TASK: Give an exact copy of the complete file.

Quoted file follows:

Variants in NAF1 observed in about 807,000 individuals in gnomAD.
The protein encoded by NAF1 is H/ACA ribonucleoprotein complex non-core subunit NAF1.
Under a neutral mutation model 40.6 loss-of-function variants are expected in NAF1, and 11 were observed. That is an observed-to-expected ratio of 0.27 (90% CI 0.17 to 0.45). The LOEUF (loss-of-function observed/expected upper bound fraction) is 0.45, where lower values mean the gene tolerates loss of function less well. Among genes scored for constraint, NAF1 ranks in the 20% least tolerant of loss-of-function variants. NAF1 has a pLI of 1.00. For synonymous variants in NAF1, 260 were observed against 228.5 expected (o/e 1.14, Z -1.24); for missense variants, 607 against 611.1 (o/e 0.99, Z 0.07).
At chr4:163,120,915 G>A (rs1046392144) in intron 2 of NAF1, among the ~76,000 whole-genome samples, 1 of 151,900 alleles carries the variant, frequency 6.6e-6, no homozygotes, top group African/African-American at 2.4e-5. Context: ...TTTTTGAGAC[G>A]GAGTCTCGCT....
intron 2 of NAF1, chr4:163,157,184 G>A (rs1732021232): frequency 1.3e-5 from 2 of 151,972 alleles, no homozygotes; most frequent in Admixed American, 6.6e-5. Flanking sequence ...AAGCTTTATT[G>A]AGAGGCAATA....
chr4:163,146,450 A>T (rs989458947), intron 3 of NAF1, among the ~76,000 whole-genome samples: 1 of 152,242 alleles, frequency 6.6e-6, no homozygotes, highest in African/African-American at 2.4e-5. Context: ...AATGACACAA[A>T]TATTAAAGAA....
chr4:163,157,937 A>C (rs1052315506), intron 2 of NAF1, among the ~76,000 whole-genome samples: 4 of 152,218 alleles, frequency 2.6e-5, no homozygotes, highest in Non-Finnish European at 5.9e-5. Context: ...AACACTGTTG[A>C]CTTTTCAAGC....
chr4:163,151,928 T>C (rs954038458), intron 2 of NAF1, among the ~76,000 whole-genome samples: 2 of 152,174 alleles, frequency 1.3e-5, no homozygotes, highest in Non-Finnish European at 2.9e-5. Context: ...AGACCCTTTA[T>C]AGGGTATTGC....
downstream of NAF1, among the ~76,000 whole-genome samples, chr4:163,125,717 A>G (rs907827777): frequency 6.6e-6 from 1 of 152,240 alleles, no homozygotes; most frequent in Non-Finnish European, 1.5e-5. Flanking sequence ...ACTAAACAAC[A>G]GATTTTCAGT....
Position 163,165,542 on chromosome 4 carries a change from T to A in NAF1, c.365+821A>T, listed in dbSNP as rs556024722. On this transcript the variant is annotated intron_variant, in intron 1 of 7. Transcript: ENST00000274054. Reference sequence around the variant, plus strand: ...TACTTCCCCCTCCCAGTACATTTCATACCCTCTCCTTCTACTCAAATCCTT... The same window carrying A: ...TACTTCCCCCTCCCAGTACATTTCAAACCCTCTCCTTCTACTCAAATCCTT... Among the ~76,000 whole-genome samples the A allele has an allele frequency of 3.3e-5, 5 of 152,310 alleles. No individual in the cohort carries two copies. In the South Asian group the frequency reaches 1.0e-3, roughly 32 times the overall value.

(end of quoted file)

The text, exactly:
Variants in NAF1 observed in about 807,000 individuals in gnomAD.
The protein encoded by NAF1 is H/ACA ribonucleoprotein complex non-core subunit NAF1.
Under a neutral mutation model 40.6 loss-of-function variants are expected in NAF1, and 11 were observed. That is an observed-to-expected ratio of 0.27 (90% CI 0.17 to 0.45). The LOEUF (loss-of-function observed/expected upper bound fraction) is 0.45, where lower values mean the gene tolerates loss of function less well. Among genes scored for constraint, NAF1 ranks in the 20% least tolerant of loss-of-function variants. NAF1 has a pLI of 1.00. For synonymous variants in NAF1, 260 were observed against 228.5 expected (o/e 1.14, Z -1.24); for missense variants, 607 against 611.1 (o/e 0.99, Z 0.07).
At chr4:163,120,915 G>A (rs1046392144) in intron 2 of NAF1, among the ~76,000 whole-genome samples, 1 of 151,900 alleles carries the variant, frequency 6.6e-6, no homozygotes, top group African/African-American at 2.4e-5. Context: ...TTTTTGAGAC[G>A]GAGTCTCGCT....
intron 2 of NAF1, chr4:163,157,184 G>A (rs1732021232): frequency 1.3e-5 from 2 of 151,972 alleles, no homozygotes; most frequent in Admixed American, 6.6e-5. Flanking sequence ...AAGCTTTATT[G>A]AGAGGCAATA....
chr4:163,146,450 A>T (rs989458947), intron 3 of NAF1, among the ~76,000 whole-genome samples: 1 of 152,242 alleles, frequency 6.6e-6, no homozygotes, highest in African/African-American at 2.4e-5. Context: ...AATGACACAA[A>T]TATTAAAGAA....
chr4:163,157,937 A>C (rs1052315506), intron 2 of NAF1, among the ~76,000 whole-genome samples: 4 of 152,218 alleles, frequency 2.6e-5, no homozygotes, highest in Non-Finnish European at 5.9e-5. Context: ...AACACTGTTG[A>C]CTTTTCAAGC....
chr4:163,151,928 T>C (rs954038458), intron 2 of NAF1, among the ~76,000 whole-genome samples: 2 of 152,174 alleles, frequency 1.3e-5, no homozygotes, highest in Non-Finnish European at 2.9e-5. Context: ...AGACCCTTTA[T>C]AGGGTATTGC....
downstream of NAF1, among the ~76,000 whole-genome samples, chr4:163,125,717 A>G (rs907827777): frequency 6.6e-6 from 1 of 152,240 alleles, no homozygotes; most frequent in Non-Finnish European, 1.5e-5. Flanking sequence ...ACTAAACAAC[A>G]GATTTTCAGT....
Position 163,165,542 on chromosome 4 carries a change from T to A in NAF1, c.365+821A>T, listed in dbSNP as rs556024722. On this transcript the variant is annotated intron_variant, in intron 1 of 7. Transcript: ENST00000274054. Reference sequence around the variant, plus strand: ...TACTTCCCCCTCCCAGTACATTTCATACCCTCTCCTTCTACTCAAATCCTT... The same window carrying A: ...TACTTCCCCCTCCCAGTACATTTCAAACCCTCTCCTTCTACTCAAATCCTT... Among the ~76,000 whole-genome samples the A allele has an allele frequency of 3.3e-5, 5 of 152,310 alleles. No individual in the cohort carries two copies. In the South Asian group the frequency reaches 1.0e-3, roughly 32 times the overall value.